Tenure-Track Search Process Guide

2.0 Recruitment and Initial Screening

2.1 Building a Diverse Pool of Applicants Through Active Recruiting 
2.2 Ensuring Candidate Pool Demographics Match the Field 
2.3 Selecting Applicants Who Meet Minimum Qualifications 
2.4 Evaluating Applicants Who Have Met the Minimum Requirements 
2.5 Narrowing to the Top-Third Candidates 
2.6 Internal and Known Candidates 
2.7 Re-Evaluating Top-Third Candidates 

2.1 Building a Diverse Pool of Applicants Through Active Recruiting 

Creating a large pool of diverse, qualified candidates is the single most important step in conducting a successful search. Ultimately, it is the responsibility of all members of the department/program to actively recruit a strong and diverse pool of applicants. 

Each fall the College places a block ad that lists all tenure-track searches in the Chronicle of Higher 
Education and Diverse Issues in Higher Education. The full position announcement appears on the Gustavus Human Resources website, LatinosInHigherEd.com, UpperMidwestHERC.org, the Consortium for Faculty Diversity website, the Black Doctoral Network, and the National Registry of Diverse and Strategic Faculty. The Human Resources Office submits all job announcements to HigherEdJobs.com. The Search Committee may request that the ad is placed in disciplinary-specific journals; Provost Office approval will depend upon cost and rationale (see point 4 below).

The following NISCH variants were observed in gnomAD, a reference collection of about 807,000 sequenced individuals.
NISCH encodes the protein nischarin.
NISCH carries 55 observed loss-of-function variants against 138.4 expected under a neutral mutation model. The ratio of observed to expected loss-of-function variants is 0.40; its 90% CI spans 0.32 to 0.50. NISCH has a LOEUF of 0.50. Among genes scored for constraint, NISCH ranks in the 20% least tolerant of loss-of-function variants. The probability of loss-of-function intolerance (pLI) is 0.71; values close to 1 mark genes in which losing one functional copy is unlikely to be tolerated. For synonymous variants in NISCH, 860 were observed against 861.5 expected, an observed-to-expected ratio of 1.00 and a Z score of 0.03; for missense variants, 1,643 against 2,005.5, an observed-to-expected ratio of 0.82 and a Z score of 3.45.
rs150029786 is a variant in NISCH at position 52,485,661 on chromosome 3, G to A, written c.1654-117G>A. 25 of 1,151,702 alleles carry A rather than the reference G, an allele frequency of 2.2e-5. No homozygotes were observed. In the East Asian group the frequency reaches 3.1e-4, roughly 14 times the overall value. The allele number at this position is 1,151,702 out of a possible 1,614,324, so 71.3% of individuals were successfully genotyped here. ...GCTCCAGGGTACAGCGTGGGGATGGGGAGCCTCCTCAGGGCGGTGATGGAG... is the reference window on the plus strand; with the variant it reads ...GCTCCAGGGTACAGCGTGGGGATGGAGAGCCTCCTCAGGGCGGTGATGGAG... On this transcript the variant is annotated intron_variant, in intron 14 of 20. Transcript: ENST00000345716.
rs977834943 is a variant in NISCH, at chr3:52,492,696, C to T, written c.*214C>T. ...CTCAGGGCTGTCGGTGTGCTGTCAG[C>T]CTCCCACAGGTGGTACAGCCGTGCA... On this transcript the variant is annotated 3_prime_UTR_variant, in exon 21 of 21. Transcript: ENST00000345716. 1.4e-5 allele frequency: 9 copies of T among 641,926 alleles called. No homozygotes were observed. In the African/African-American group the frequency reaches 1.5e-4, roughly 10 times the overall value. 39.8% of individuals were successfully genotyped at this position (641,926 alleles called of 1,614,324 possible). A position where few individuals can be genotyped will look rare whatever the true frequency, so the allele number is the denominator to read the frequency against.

After the ad has been posted, active recruiting should be carried out by all members of the search committee. Divide responsibility across committee members to pursue recruitment strategies such as those below.

  1. Identify the five to seven graduate programs that graduate the largest numbers of recent Ph.D.s who are members of underrepresented groups, in the area of the hire. (See Resources section for links to useful sources of information including the Survey of Earned Doctorates.) Reach out to the Directors of Graduate Studies at these schools, send the ad, and request that the Directors relay the ads to potential applicants. If you receive names of potential applicants from Directors or other contacts, you may contact those applicants with a template email inviting applications.
  2. Ask each committee member to pursue at least five specific outreach contacts. Again, note that directly contacting chairs and faculty at graduate programs that produce potential applicants is far more likely to yield a candidate than a generalized message.
  3. The committee will be given access to the Consortium for Faculty Diversity website where the committee should peruse candidate files and invite specific candidates to apply.
  4. Advertise broadly, including to interest groups with diverse faculty audiences. Advertisements can be posted in publications that specifically target women and/or historically underrepresented groups. 

See the Resources section for templates for soliciting applications and nominations. 

2.2 Ensuring Candidate Pool Demographics Match the Field 

If the candidate pool demographics at the time of the posted application review date does not broadly reflect the diversity of recent doctoral (or appropriate terminal degree) recipients in the discipline/subfield (as recorded in the Survey of Earned Doctorates) in terms of gender and race, the Dean will discuss options with the search chair, such as extending the application deadline and asking the committee to continue their active recruiting efforts. Departments with concerns about the applicability of the Survey of Earned Doctorates data to their search are encouraged to provide an alternative data source to their Dean for consideration.